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RAIB to investigate Cambrian line ERTMS failure

The RAIB has launched an investigation into the loss of speed restriction data to trains during an incident on 20 October on the Cambrian coast line.

A driver travelling on the line in North Wales reported that longstanding temporary speed restrictions were not indicated on their in-cab display.

The temporary speed restrictions were required on the approach to level crossings so that people crossing the line had sufficient warning of an approaching train.

In 2011 the Cambrian lines were equipped with a pilot installation of the European Rail Traffic Management System (ERTMS), which removes the requirement for signals along the track by transmitting data directly to the train.

Movement authorities and information such as temporary and permanent speed restrictions are displayed to the driver on a screen.

Signalling staff at the Machynlleth control centre investigated this report and became aware that the same failure applied to several trains under their control.

A subsequent investigation revealed that the signalling system had stopped transmitting temporary speed restriction data after a routine shutdown at around 23:10hrs the previous night.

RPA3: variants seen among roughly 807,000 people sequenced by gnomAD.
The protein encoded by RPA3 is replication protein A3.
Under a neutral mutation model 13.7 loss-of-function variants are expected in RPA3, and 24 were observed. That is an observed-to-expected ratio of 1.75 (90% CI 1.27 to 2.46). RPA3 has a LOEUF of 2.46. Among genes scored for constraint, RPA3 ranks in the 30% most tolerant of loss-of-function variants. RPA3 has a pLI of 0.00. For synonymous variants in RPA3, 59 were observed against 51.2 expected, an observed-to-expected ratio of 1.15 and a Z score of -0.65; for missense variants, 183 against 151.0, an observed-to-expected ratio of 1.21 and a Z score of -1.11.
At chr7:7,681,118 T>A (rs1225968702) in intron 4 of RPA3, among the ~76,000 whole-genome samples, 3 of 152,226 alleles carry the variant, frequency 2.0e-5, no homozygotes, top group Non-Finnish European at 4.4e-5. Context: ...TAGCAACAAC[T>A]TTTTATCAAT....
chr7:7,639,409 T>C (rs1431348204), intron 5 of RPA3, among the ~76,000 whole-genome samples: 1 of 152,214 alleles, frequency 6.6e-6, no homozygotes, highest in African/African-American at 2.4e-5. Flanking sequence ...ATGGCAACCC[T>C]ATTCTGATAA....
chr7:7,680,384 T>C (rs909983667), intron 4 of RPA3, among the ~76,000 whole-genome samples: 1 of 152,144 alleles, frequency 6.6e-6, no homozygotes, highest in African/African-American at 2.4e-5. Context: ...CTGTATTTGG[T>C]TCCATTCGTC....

But there was no indication of an abnormal conditioning, and signalling control centre displays showed the restrictions as being applied correctly.

To date the signalling system supplier has not identified the cause of the failure, so the RAIB has decided to undertake an independent investigation.

The organisation claims that there is a possibility that had suitable data been downloaded from the signalling system before it was restarted during the correction of the failure, it may have assisted in establishing the cause.

In its investigation, RAIB aims to consider the geographic extent of the failure and the effect it had on the safety of railway operations, why trains were permitted to operate without information about temporary speed restrictions, and the practices for gathering data needed for investigations before restoring computer based signalling systems.

At the conclusion of the investigation, RAIB will publish its findings and any recommendations to its website.

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John Grant   23/02/2018 at 12:43

Clearly appallingly bad software design; it's not hard to make systems fail-safe. There are some who say we should stop talking about "bugs" and call them "errors". And it's time the description "software engineering" stopped being applied to hacking.

Lutz   25/02/2018 at 14:07

@John Grant Do you have any direct evidence to support your view point?

GW   26/02/2018 at 10:16

New technology, new dangers.

Mmlred   27/02/2018 at 09:36

Call me a luddite, but this wouldn't happen if they just had speed signposts! Sometimes I get the feeling we're overcomplicating things. In-cab signalling is one thing, but removing visual cues for speed limits is making a problem out of nothing. Yes, it must be a pain in the behind to have to go out and install TSR signs, but at least they're not going to be misinterpreted unless some joker comes along with a hacksaw!

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